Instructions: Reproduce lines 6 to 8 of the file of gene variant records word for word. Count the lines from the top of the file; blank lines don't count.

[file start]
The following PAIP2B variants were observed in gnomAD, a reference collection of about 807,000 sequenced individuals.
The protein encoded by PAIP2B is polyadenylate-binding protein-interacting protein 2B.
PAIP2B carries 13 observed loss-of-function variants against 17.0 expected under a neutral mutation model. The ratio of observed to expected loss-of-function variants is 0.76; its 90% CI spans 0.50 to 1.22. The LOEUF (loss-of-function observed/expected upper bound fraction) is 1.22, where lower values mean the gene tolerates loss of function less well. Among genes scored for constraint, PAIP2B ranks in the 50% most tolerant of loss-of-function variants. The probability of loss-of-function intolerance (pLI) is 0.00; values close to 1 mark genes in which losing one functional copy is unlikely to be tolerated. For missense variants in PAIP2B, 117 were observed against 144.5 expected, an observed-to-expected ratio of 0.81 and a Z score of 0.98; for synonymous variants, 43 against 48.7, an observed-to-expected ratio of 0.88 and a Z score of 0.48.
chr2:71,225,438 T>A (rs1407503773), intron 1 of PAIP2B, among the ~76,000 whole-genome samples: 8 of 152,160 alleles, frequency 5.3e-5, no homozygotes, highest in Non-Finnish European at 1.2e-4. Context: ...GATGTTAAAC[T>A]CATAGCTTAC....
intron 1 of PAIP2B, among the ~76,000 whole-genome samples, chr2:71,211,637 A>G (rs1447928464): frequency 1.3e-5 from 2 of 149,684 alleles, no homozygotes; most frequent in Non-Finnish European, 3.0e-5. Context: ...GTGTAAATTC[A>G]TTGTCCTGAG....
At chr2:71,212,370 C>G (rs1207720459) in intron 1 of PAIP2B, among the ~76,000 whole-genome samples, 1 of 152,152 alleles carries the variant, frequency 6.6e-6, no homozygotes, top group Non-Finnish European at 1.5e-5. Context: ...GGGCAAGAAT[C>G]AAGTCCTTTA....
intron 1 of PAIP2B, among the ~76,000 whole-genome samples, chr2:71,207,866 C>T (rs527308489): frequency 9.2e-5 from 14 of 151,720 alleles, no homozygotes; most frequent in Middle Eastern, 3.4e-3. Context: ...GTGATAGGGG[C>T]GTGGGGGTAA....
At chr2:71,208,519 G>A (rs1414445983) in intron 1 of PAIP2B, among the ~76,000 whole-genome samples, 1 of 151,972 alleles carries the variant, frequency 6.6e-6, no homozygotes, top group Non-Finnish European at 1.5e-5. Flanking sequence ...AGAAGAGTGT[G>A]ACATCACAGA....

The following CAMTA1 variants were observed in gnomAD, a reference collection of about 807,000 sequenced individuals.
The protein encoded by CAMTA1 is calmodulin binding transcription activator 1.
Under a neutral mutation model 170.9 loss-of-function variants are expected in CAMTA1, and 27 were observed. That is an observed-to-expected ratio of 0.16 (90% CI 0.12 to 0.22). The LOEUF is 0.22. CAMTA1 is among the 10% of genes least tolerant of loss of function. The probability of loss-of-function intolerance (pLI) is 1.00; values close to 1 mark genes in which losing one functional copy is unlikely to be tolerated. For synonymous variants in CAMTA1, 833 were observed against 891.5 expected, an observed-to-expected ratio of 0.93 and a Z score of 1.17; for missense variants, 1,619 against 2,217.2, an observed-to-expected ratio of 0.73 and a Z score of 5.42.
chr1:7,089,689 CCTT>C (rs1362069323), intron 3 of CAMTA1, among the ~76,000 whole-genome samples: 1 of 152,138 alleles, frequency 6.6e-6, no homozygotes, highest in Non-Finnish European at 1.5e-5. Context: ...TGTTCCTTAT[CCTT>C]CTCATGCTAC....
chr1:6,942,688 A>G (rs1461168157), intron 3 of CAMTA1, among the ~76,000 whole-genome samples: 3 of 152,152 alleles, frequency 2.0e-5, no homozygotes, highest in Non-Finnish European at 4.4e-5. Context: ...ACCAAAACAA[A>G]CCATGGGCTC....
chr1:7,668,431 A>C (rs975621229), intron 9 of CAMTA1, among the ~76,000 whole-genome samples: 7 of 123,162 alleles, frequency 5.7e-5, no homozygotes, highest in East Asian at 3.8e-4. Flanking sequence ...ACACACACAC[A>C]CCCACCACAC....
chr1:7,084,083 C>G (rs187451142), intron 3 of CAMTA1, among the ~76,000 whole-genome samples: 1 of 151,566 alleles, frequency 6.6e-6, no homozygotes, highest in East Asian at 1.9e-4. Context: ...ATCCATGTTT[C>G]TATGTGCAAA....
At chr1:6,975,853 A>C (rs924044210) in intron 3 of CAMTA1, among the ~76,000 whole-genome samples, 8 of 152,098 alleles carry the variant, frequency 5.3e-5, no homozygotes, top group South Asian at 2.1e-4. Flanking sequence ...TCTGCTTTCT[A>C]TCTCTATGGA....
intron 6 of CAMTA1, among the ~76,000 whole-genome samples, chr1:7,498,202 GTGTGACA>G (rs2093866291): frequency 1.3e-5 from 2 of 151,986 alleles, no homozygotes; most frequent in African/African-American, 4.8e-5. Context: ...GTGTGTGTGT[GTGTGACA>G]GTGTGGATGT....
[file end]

At chr2:71,212,370 C>G (rs1207720459) in intron 1 of PAIP2B, among the ~76,000 whole-genome samples, 1 of 152,152 alleles carries the variant, frequency 6.6e-6, no homozygotes, top group Non-Finnish European at 1.5e-5. Context: ...GGGCAAGAAT[C>G]AAGTCCTTTA....
intron 1 of PAIP2B, among the ~76,000 whole-genome samples, chr2:71,207,866 C>T (rs527308489): frequency 9.2e-5 from 14 of 151,720 alleles, no homozygotes; most frequent in Middle Eastern, 3.4e-3. Context: ...GTGATAGGGG[C>T]GTGGGGGTAA....
At chr2:71,208,519 G>A (rs1414445983) in intron 1 of PAIP2B, among the ~76,000 whole-genome samples, 1 of 151,972 alleles carries the variant, frequency 6.6e-6, no homozygotes, top group Non-Finnish European at 1.5e-5. Flanking sequence ...AGAAGAGTGT[G>A]ACATCACAGA....